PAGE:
These clichés sum up the wide vista from which many people think about their future. My concern here is how do we discern calling in this context?

When asking God about their calling, most people would ask their questions in this order:

  1. What should I do with my life? Career?
  2. Who should I do it with? People groups, friends, romance?
  3. How will I do it? What can I imagine being possible?
  4. Where shall I do it? Geographical location, please?

I suggest that we’ve got things a little mixed up. Throughout the Bible, God works with individuals, groups and churches in physical locations. He calls people to specific cities. He tasks them to build the local church there. He encourages his people to seek the good of that city.

It isn’t that the other questions in that list are bad, it’s just that we give them too much air time. How about starting with asking God where He wants us to put down roots. Then asking who we should aim to build community with in that area. Then ask Him to provide a way of life there – a career. And finish by praying: “God, I don’t know how this will happen but I trust you, so that’s enough for me.”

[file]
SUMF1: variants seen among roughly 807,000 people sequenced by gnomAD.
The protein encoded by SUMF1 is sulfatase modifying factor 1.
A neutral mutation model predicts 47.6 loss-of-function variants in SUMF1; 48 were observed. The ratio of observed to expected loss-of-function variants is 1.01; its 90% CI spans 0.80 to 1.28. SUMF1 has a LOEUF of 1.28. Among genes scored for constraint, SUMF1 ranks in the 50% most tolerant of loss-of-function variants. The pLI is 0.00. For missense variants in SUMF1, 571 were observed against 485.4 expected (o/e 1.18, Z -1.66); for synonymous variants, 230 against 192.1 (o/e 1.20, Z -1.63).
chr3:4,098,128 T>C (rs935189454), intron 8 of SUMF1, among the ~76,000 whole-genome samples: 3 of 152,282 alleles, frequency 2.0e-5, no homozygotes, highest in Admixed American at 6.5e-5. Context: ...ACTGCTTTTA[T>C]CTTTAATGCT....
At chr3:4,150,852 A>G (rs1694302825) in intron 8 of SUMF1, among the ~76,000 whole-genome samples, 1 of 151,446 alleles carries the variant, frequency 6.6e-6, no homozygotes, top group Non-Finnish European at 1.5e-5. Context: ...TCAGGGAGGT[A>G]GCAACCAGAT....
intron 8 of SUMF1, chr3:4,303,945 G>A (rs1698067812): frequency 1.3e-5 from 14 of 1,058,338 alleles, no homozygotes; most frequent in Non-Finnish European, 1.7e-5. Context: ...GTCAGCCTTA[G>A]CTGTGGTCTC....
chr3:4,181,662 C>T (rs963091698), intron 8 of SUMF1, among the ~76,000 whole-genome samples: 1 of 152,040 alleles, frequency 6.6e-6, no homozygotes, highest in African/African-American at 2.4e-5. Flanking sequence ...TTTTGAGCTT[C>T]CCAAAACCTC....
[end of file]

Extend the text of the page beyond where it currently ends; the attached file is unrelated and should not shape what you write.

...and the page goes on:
Let’s not be limited by our own imagination – we live by faith not by sight.

It was 11 years ago that my wife and I settled in York. We weren’t married at that point. She worked for Terry’s chocolate factory and I worked for a gas fire company. Those jobs weren’t our calling in life, but we were called to York, so we got jobs there. We’ve done a few things along the way to discovering this truth: calling is who you are becoming, not what you are doing.

Change takes time. If we want to see cultural change, we need to commit to a place for the long-term.


This post is part of our Nomad series. Are we a generation of wanderers? Watch the new video from Ethos here and have your say. 

Written by Luke Smith

Luke Smith works for Fusion helping churches connect to students. He lives in York with his wife Hannah and their two boys Morgan and Aaron. They are part of G2 York church. Apart from Jesus, Luke’s main interests are “pie-day Fridays” and “cheese-day Tuesdays”.

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